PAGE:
'This is where I want to be': Cubs' Hoerner hopes signing extension will have lasting benefits

Nico Hoerner keeps a pair of Anthony Rizzo's dachshund-adorned batting gloves in his locker.

It used to be Rizzo's locker, so Hoerner wants to keep a link to the Cubs' recent successful history. The gloves also honor Rizzo's dachshund named Kevin, who continues to keep a strong social media presence in New York.

"I think it's an appreciation of what was here before you," Hoerner said Thursday morning at Wrigley Field. "I think that's a huge part of baseball in general, it's a game of history and tradition."

At the same time, Hoerner witnessed the sadness of the Cubs saying goodbye to World Series heroes like Rizzo, Kris Bryant, Javy Baez and Willson Contreras. So signing an extension this week was special for him, even if it only pushed his future free-agency one year.

"Rizz's situation was extremely interesting and could have gone so many different ways," Hoerner said. "Obviously a ton of people, myself included, wish he was a Cub for a long time. It's not how it happened and he's in an amazing situation now, playing for a team (Yankees) he enjoys. There's not one perfect way to do this entire thing."

Hoerner's new deal is reportedly for $35 million over three years and it kicks in next season. He was under team control through 2025 already, but now he doesn't have to worry about arbitration.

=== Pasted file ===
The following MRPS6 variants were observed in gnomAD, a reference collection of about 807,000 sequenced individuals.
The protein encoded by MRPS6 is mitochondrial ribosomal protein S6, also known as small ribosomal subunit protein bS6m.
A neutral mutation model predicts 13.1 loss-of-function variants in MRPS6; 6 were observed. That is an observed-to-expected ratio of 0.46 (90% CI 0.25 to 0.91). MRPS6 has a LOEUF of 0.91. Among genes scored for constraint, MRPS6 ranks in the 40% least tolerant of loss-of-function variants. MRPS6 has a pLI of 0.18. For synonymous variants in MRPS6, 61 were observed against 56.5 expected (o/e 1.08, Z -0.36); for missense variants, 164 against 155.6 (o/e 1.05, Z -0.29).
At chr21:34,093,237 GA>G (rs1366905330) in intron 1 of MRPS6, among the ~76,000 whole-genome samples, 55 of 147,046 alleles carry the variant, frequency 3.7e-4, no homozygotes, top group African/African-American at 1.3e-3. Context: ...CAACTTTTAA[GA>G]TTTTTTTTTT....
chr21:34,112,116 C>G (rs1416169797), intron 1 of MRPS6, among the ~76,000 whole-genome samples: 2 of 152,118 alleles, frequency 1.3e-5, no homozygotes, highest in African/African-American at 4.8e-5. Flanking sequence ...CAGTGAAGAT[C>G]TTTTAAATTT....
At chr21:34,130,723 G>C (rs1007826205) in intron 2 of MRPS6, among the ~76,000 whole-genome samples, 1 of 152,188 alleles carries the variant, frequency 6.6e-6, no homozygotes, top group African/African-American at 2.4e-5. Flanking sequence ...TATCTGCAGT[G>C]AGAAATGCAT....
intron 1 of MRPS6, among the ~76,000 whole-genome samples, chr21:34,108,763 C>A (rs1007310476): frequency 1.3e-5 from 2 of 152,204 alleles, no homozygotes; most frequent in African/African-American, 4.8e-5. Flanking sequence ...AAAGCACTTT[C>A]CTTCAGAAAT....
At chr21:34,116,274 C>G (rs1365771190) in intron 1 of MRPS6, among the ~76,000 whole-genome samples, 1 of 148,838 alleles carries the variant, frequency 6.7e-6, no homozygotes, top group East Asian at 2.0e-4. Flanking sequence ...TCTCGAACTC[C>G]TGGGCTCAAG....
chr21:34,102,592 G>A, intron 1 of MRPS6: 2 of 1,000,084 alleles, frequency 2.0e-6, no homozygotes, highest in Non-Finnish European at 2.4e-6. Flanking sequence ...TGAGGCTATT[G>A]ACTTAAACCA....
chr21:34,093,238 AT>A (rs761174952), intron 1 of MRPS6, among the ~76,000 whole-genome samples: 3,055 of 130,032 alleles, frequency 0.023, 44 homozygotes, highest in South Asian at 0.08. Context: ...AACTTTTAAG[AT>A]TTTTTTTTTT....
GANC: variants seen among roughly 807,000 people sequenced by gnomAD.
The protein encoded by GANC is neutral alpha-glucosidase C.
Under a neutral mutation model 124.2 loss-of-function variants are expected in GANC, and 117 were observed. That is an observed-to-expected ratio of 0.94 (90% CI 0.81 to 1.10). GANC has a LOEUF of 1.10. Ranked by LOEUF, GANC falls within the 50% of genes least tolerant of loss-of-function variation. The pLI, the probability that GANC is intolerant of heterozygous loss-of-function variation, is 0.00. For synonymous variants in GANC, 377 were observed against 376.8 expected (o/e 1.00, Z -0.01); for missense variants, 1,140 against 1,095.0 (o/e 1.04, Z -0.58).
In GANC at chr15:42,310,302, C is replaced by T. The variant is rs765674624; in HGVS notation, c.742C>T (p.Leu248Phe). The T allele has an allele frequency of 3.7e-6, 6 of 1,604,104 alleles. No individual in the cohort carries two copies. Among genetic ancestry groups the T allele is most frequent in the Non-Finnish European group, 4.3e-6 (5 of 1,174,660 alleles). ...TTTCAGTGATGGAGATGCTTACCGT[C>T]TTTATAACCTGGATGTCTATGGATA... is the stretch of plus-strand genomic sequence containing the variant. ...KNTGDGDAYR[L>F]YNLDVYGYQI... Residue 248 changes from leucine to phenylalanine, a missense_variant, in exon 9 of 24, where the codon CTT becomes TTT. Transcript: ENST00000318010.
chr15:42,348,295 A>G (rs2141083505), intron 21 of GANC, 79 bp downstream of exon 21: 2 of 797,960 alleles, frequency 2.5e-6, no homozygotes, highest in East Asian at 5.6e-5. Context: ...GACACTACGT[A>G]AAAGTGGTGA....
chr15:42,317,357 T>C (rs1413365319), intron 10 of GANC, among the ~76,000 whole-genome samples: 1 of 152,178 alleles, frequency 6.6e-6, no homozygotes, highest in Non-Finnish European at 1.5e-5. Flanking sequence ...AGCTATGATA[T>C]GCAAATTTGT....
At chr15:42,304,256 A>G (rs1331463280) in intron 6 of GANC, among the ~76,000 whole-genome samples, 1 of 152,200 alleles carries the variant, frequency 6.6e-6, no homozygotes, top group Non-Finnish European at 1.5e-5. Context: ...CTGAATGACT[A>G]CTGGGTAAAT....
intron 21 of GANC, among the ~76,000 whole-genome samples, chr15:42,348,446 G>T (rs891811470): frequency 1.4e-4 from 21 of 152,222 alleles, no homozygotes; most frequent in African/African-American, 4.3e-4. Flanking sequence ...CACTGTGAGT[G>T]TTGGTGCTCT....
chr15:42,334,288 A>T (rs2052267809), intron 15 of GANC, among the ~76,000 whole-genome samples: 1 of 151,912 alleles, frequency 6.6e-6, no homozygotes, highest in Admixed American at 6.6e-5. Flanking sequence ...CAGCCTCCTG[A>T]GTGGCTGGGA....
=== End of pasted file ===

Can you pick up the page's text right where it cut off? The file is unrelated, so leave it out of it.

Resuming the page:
"I hope it's not the last deal with this team," said Hoerner, who moved from shortstop to second base this year to accommodate Dansby Swanson's arrival. "This is where I want to be and just incredibly excited. I have some security through arbitration, one year of free agency, still leaves some room for choice in my career, being a free agent at 29."

Cubs president of baseball operations Jed Hoyer said the two sides discussed a "million" different scenarios to structure an extension. He also recalled being impressed with Hoerner's knowledge after he made his major league debut with 20 games late in the 2019 season.

"We brought him in for our typical exit meetings and he described the dynamic in our clubhouse and talked more insightfully about the things we needed to improve on and the things we could do better than any player we brought in," Hoyer said. "It was really impressive.

"He's just wired differently than most people, constantly thinking about what we can do as a team, as an organization to do better; what he can do himself to get better. There's not a lot of people like that out there. He's a special individual."

At the same time, there's still an extension that hasn't gotten done with Ian Happ. The left fielder, an all-star and gold-glove winner for the first time last year, has a greater sense of urgency since he'll be a free agent after this season.

"We'd love to have (Happ) for a long time," Hoyer said. "Obviously we weren't able to reach agreement right now, but that doesn't preclude us in any way from reaching an agreement in the future and we'd love to. I don't want to sit here and say, 'It's done, it's over.' But I do think we'll take anything we do underground at this point."

Twitter: @McGrawDHSports

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